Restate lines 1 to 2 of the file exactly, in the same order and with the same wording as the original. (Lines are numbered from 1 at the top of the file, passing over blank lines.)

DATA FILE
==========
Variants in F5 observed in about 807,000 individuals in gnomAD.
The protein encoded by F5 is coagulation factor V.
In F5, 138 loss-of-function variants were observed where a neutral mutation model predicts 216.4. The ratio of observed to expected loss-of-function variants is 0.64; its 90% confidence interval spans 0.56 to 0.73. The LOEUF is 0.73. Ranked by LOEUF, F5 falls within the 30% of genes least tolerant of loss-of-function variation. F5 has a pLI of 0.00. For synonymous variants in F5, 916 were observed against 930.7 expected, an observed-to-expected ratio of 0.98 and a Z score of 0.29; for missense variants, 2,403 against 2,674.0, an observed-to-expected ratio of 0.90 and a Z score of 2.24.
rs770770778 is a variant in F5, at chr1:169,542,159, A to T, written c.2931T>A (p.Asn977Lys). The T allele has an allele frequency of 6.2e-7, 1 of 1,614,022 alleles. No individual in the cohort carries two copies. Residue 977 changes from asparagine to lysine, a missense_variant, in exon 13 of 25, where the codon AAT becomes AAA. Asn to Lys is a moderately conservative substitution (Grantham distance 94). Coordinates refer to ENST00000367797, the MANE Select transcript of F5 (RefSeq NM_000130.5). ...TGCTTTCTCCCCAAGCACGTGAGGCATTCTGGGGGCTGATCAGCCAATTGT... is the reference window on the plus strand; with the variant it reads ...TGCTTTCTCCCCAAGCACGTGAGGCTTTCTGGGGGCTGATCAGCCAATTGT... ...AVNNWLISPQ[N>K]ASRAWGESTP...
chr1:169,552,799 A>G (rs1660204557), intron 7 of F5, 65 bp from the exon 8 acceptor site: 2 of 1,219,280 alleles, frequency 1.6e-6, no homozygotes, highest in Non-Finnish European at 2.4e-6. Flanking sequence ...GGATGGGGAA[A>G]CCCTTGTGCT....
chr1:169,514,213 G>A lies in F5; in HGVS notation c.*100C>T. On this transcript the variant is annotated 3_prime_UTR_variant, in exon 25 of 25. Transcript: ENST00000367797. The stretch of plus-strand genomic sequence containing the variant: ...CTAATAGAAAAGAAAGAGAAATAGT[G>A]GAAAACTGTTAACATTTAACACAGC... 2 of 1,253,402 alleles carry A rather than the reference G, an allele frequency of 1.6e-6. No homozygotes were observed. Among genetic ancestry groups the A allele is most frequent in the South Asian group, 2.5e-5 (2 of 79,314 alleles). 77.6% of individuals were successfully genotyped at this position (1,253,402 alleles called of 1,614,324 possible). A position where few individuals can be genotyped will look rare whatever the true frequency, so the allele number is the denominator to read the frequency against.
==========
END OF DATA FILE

Variants in F5 observed in about 807,000 individuals in gnomAD.
The protein encoded by F5 is coagulation factor V.